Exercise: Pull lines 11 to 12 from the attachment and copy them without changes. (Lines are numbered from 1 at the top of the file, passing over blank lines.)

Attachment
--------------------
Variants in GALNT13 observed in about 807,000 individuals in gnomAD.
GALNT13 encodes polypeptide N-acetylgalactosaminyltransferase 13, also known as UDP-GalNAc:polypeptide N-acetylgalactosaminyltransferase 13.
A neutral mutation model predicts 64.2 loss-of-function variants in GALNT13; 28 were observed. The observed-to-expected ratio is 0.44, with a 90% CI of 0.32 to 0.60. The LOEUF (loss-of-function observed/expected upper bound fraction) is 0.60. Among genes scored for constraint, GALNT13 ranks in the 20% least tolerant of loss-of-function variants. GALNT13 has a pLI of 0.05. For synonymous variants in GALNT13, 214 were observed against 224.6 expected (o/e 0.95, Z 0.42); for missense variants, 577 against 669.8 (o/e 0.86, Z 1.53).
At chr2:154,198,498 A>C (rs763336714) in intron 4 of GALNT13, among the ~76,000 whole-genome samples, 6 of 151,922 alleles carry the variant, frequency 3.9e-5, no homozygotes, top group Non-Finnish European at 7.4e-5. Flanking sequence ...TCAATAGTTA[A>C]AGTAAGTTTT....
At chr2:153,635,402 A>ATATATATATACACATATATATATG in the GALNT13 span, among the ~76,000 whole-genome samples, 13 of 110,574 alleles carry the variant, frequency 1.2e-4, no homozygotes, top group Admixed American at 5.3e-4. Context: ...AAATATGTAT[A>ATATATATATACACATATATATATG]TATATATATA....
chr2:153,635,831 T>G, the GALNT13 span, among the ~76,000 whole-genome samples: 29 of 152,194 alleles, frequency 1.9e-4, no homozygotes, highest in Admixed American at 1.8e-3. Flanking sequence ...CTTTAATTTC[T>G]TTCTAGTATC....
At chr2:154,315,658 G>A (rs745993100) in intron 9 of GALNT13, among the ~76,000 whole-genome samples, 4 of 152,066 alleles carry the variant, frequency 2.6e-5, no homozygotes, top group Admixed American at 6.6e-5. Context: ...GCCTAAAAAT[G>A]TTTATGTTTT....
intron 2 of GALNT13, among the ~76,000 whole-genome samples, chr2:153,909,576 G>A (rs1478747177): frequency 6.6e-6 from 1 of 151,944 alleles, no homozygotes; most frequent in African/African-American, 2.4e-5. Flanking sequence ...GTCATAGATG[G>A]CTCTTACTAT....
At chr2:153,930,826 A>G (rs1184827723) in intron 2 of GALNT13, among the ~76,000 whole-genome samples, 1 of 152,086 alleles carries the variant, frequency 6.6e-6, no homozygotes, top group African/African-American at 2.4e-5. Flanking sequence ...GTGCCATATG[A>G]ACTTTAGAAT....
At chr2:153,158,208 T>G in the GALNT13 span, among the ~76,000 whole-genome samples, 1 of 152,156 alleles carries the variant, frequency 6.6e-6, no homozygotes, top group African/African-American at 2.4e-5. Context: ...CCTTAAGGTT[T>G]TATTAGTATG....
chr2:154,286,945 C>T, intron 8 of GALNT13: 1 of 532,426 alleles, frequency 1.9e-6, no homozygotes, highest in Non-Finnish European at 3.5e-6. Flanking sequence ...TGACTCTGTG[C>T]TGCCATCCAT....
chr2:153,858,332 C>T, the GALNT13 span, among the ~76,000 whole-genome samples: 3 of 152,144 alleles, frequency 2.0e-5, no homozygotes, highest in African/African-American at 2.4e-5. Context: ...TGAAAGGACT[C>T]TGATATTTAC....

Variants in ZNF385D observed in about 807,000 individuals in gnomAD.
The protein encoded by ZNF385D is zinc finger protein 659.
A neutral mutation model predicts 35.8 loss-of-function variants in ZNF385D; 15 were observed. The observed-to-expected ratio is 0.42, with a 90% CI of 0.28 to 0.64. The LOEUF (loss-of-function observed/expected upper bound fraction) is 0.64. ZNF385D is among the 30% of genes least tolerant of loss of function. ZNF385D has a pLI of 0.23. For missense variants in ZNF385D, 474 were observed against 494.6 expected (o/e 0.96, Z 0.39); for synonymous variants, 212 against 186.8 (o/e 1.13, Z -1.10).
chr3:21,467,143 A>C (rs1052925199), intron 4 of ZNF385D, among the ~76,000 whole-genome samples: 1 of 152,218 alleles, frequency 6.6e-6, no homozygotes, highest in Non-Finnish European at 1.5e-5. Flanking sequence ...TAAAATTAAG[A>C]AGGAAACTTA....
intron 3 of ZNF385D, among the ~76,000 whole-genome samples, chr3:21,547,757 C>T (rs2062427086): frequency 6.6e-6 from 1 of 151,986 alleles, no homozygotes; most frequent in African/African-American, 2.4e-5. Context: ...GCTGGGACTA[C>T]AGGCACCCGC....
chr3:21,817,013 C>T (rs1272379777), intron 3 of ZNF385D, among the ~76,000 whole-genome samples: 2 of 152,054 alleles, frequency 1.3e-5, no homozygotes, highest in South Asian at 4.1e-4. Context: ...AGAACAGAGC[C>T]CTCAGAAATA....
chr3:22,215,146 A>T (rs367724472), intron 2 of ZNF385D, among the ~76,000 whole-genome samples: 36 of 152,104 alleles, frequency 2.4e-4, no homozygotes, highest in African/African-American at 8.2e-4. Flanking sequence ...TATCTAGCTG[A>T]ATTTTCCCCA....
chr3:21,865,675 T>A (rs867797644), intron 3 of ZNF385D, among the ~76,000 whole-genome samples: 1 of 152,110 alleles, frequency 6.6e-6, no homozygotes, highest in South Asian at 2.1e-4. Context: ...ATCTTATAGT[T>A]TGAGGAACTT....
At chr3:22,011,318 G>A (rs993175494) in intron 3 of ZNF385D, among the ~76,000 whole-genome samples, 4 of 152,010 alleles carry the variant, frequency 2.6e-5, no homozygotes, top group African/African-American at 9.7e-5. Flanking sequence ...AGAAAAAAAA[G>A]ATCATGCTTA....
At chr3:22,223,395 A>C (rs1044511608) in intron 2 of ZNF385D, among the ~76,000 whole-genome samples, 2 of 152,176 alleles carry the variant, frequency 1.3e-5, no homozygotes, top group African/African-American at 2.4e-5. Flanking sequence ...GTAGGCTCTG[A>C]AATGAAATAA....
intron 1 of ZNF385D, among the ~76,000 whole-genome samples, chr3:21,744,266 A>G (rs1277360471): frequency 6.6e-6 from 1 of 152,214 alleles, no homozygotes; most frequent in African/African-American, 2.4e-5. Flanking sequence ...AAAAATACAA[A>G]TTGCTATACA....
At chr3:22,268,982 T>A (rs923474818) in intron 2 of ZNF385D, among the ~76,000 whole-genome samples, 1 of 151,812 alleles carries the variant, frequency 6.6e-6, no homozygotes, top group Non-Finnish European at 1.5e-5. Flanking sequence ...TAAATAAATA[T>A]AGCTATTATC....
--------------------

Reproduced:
chr2:154,286,945 C>T, intron 8 of GALNT13: 1 of 532,426 alleles, frequency 1.9e-6, no homozygotes, highest in Non-Finnish European at 3.5e-6. Flanking sequence ...TGACTCTGTG[C>T]TGCCATCCAT....
chr2:153,858,332 C>T, the GALNT13 span, among the ~76,000 whole-genome samples: 3 of 152,144 alleles, frequency 2.0e-5, no homozygotes, highest in African/African-American at 2.4e-5. Context: ...TGAAAGGACT[C>T]TGATATTTAC....